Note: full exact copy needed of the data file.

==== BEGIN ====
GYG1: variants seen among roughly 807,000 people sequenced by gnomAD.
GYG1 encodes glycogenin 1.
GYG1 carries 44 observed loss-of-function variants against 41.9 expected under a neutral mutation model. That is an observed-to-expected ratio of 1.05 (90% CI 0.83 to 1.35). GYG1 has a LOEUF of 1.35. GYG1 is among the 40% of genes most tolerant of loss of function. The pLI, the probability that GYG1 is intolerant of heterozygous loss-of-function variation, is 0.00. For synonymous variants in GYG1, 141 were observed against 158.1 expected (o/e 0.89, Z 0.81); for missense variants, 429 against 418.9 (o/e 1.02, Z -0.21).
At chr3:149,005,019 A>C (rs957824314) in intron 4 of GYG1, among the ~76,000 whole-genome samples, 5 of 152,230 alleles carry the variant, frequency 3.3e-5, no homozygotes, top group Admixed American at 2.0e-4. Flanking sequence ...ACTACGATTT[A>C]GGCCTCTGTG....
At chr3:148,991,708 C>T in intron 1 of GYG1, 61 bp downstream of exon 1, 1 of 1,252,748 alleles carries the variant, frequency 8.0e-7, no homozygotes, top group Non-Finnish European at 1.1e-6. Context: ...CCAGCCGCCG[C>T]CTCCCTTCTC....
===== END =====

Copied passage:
GYG1: variants seen among roughly 807,000 people sequenced by gnomAD.
GYG1 encodes glycogenin 1.
GYG1 carries 44 observed loss-of-function variants against 41.9 expected under a neutral mutation model. That is an observed-to-expected ratio of 1.05 (90% CI 0.83 to 1.35). GYG1 has a LOEUF of 1.35. GYG1 is among the 40% of genes most tolerant of loss of function. The pLI, the probability that GYG1 is intolerant of heterozygous loss-of-function variation, is 0.00. For synonymous variants in GYG1, 141 were observed against 158.1 expected (o/e 0.89, Z 0.81); for missense variants, 429 against 418.9 (o/e 1.02, Z -0.21).
At chr3:149,005,019 A>C (rs957824314) in intron 4 of GYG1, among the ~76,000 whole-genome samples, 5 of 152,230 alleles carry the variant, frequency 3.3e-5, no homozygotes, top group Admixed American at 2.0e-4. Flanking sequence ...ACTACGATTT[A>C]GGCCTCTGTG....
At chr3:148,991,708 C>T in intron 1 of GYG1, 61 bp downstream of exon 1, 1 of 1,252,748 alleles carries the variant, frequency 8.0e-7, no homozygotes, top group Non-Finnish European at 1.1e-6. Context: ...CCAGCCGCCG[C>T]CTCCCTTCTC....